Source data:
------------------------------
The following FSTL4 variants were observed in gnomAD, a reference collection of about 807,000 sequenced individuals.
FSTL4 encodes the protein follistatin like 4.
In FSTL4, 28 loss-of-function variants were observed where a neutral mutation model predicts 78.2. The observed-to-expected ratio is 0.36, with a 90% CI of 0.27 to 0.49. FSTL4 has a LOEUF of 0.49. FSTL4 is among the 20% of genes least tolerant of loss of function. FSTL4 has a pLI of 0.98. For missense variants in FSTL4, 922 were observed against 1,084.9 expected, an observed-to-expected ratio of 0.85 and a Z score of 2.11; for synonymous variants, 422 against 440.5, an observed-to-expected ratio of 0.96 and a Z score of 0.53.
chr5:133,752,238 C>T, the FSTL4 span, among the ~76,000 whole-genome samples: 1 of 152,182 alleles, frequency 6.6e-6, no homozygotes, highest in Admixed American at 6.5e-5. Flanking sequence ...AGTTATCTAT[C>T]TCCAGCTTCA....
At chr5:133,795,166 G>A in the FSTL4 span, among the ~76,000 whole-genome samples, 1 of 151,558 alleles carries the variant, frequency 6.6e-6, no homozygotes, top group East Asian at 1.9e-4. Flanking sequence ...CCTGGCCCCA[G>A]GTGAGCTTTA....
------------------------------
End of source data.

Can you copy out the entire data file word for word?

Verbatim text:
The following FSTL4 variants were observed in gnomAD, a reference collection of about 807,000 sequenced individuals.
FSTL4 encodes the protein follistatin like 4.
In FSTL4, 28 loss-of-function variants were observed where a neutral mutation model predicts 78.2. The observed-to-expected ratio is 0.36, with a 90% CI of 0.27 to 0.49. FSTL4 has a LOEUF of 0.49. FSTL4 is among the 20% of genes least tolerant of loss of function. FSTL4 has a pLI of 0.98. For missense variants in FSTL4, 922 were observed against 1,084.9 expected, an observed-to-expected ratio of 0.85 and a Z score of 2.11; for synonymous variants, 422 against 440.5, an observed-to-expected ratio of 0.96 and a Z score of 0.53.
chr5:133,752,238 C>T, the FSTL4 span, among the ~76,000 whole-genome samples: 1 of 152,182 alleles, frequency 6.6e-6, no homozygotes, highest in Admixed American at 6.5e-5. Flanking sequence ...AGTTATCTAT[C>T]TCCAGCTTCA....
At chr5:133,795,166 G>A in the FSTL4 span, among the ~76,000 whole-genome samples, 1 of 151,558 alleles carries the variant, frequency 6.6e-6, no homozygotes, top group East Asian at 1.9e-4. Flanking sequence ...CCTGGCCCCA[G>A]GTGAGCTTTA....